KINSEY (Bill Condon, 2004)
Indiana University researcher Alfred Kinsey scandalized America in the 1940s and 50s with the publication of his studies SEXUAL BEHAVIOR IN THE HUMAN MALE and SEXUAL BEHAVIOR IN THE HUMAN FEMALE. Bill Condon’s film KINSEY examines the man behind the landmark research. Liam Neeson stars, with Laura Linney playing Kinsey’s wife Clara. Kinsey and his team conducted thousands of interviews in their scientific exploration of human sexuality. What he learned and reported changed public perception of normality. Needless to say, Kinsey’s findings were controversial at the time, and his discoveries and conclusions continue to stir vociferous debate.
Using the same tactic that Kinsey insisted upon for his research interviews, Condon’s nonjudgmental presentation of his subject grants closer inspection than a film with a specific viewpoint could. Whether one agrees with Kinsey or not, the film observes the man and lets the audience determine the value of his work. The strategy was at the heart of Kinsey’s method. Through impartiality the interviewer could make the interviewee feel more comfortable and thus more open to giving honest responses. With his lanky frame and bad haircut, Kinsey doesn’t look at all like someone at ease talking to anyone, let alone inquiring about their sex lives, but Neeson locates the right level of engagement and dispassion in the scientist’s approach. Kinsey’s interest in sex combines the psychological and mechanical, and the film strikes a balance that is neither erotic nor clinical. Bolstered by Neeson’s good performance, Condon’s character study examines Kinsey warts and all.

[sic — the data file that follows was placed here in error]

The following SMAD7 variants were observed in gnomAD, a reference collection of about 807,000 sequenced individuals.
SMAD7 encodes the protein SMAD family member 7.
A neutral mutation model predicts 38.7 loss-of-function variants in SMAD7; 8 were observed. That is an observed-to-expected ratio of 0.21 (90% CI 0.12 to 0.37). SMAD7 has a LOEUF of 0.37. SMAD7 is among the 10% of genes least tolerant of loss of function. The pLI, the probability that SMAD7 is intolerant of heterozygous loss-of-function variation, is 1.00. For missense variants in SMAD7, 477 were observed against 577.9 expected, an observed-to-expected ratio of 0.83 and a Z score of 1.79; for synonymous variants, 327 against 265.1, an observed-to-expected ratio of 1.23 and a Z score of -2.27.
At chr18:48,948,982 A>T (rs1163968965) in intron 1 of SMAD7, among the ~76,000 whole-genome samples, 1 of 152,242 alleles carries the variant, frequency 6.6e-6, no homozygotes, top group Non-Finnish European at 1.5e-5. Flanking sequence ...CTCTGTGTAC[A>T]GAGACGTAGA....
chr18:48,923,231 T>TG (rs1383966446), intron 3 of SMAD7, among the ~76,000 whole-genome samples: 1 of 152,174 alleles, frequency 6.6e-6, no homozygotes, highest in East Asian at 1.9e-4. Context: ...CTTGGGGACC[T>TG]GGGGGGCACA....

(Review first aired on the January 4, 2005 NOW PLAYING)